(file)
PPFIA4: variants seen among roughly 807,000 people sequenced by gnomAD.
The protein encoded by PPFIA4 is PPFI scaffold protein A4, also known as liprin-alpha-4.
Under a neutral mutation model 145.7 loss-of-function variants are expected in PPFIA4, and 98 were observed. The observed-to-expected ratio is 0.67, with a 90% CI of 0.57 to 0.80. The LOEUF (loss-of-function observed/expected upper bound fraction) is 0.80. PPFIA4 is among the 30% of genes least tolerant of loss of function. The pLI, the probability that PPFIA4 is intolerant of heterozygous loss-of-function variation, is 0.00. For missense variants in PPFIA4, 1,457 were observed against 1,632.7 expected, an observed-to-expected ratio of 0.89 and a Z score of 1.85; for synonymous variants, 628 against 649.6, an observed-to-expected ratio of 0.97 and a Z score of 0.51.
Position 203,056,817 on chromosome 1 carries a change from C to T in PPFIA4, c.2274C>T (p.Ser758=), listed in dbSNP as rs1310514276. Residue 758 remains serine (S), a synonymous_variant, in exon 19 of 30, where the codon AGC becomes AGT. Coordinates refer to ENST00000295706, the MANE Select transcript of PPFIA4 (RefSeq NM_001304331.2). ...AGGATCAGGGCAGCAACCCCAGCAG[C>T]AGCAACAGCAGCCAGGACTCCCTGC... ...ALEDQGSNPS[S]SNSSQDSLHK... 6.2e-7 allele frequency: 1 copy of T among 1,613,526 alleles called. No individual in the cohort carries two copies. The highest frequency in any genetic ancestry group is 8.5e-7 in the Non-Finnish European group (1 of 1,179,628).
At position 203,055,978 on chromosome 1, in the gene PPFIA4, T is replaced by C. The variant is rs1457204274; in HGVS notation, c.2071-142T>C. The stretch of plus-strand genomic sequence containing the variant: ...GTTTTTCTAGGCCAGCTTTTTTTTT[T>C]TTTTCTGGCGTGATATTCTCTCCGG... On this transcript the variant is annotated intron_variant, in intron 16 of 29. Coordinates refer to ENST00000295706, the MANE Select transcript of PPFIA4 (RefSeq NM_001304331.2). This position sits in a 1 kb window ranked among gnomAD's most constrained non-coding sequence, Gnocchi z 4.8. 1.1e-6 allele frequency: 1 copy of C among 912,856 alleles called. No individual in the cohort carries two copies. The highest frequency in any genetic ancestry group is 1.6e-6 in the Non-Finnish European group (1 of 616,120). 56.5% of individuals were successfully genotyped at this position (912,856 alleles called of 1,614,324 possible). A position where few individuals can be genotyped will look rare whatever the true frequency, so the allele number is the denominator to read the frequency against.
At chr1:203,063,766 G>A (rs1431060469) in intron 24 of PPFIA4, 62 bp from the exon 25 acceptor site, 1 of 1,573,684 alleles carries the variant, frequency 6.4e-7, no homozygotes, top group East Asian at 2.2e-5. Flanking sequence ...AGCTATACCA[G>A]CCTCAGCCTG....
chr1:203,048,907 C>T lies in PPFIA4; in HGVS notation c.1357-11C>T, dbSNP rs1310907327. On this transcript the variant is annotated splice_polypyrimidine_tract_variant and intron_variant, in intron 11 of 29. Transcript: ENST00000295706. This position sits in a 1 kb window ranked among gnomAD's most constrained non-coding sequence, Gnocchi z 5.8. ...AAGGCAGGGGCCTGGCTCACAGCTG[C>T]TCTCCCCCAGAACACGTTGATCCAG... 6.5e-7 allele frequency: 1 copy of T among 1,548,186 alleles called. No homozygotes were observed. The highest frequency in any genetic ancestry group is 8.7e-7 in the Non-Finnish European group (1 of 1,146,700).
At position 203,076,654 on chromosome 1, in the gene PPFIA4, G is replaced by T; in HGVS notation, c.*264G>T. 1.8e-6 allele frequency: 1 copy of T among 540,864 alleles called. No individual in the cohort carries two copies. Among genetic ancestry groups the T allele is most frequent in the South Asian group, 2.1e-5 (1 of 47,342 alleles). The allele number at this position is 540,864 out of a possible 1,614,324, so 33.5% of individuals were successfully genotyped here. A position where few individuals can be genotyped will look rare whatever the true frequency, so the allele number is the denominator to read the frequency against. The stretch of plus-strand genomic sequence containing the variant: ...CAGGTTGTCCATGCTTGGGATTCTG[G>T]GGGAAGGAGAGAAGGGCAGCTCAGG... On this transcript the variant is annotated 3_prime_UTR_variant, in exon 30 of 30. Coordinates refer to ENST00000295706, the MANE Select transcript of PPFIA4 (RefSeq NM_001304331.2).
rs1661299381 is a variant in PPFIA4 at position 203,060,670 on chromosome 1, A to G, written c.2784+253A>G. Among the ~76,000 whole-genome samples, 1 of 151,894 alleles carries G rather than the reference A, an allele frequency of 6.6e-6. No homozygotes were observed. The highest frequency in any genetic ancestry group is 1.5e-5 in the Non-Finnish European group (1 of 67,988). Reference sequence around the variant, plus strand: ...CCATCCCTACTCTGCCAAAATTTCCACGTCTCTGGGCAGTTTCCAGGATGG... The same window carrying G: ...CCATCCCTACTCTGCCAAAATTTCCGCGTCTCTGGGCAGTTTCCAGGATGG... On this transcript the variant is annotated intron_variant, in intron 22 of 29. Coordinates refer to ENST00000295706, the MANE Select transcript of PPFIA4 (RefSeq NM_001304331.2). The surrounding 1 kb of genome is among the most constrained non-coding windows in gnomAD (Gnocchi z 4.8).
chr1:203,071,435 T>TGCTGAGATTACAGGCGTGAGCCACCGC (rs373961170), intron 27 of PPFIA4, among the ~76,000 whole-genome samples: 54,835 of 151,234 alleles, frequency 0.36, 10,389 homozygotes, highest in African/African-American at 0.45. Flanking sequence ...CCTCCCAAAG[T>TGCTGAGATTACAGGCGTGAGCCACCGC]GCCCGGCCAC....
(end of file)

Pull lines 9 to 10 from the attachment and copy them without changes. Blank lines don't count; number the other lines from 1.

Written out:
rs1661299381 is a variant in PPFIA4 at position 203,060,670 on chromosome 1, A to G, written c.2784+253A>G. Among the ~76,000 whole-genome samples, 1 of 151,894 alleles carries G rather than the reference A, an allele frequency of 6.6e-6. No homozygotes were observed. The highest frequency in any genetic ancestry group is 1.5e-5 in the Non-Finnish European group (1 of 67,988). Reference sequence around the variant, plus strand: ...CCATCCCTACTCTGCCAAAATTTCCACGTCTCTGGGCAGTTTCCAGGATGG... The same window carrying G: ...CCATCCCTACTCTGCCAAAATTTCCGCGTCTCTGGGCAGTTTCCAGGATGG... On this transcript the variant is annotated intron_variant, in intron 22 of 29. Coordinates refer to ENST00000295706, the MANE Select transcript of PPFIA4 (RefSeq NM_001304331.2). The surrounding 1 kb of genome is among the most constrained non-coding windows in gnomAD (Gnocchi z 4.8).
chr1:203,071,435 T>TGCTGAGATTACAGGCGTGAGCCACCGC (rs373961170), intron 27 of PPFIA4, among the ~76,000 whole-genome samples: 54,835 of 151,234 alleles, frequency 0.36, 10,389 homozygotes, highest in African/African-American at 0.45. Flanking sequence ...CCTCCCAAAG[T>TGCTGAGATTACAGGCGTGAGCCACCGC]GCCCGGCCAC....